Cultural Studies Graduate Student Conference (April 16-17, 2010)
Beginning with the Enlightenment the nation-state has been the dominant organizing principle of global societies. Since then cultural production has been central to the imagining of the national community. With the dawn of the postmodern age, however, the nation-state seems to have lost its dominant position. A host of economic, social, and cultural processes have offered both new points of departure for imagining collective identities, and new points of contention in negotiating those identities. Processes of globalization, such as the emergence of transnational corporations and supranational organizations, and the intermingling of peoples and cultures all seem to undermine the normative power of the national community. In fact, the globalization of cultural production offers a new lens for interrogating the seemingly 'national' character of cultural texts.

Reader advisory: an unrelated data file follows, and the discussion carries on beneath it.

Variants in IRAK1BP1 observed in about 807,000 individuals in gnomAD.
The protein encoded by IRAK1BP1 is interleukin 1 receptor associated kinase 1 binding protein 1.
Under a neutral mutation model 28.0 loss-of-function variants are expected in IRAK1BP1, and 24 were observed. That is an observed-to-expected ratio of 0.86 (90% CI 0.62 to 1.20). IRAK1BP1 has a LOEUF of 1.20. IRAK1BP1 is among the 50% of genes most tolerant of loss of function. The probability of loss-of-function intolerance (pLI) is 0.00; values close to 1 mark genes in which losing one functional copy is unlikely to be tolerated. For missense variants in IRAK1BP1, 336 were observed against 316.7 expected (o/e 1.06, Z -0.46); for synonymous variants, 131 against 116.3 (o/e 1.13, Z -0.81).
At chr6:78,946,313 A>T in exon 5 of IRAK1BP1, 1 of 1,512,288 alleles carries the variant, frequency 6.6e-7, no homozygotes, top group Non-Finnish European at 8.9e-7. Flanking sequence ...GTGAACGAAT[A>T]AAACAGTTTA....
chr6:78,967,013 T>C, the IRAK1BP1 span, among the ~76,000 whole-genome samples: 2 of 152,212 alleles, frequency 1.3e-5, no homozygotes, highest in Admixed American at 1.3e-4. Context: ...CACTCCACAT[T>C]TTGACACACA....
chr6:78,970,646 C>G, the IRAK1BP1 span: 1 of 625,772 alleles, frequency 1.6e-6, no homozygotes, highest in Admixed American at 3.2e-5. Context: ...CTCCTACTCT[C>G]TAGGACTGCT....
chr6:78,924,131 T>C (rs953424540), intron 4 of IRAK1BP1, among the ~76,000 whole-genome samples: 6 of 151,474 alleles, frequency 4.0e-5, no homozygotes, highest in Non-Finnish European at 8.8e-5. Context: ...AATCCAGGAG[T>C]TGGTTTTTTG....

We are seeking contributions that investigate the implications of globalization for cultural production and the renegotiation of power and identity that is played out in cultural texts, e.g. literature, film, music, television, as well as policies, and international communiqués.
Please send a 500 word abstract along with a brief biographical statement to email@example.com by March 15, 2010. Selected participants will be notified by March 26, 2010. You can also visit our webpage (coming soon) for additional information about the conference: http://www.unm.edu/~fll/grad-conference.htm (check for frequent updates).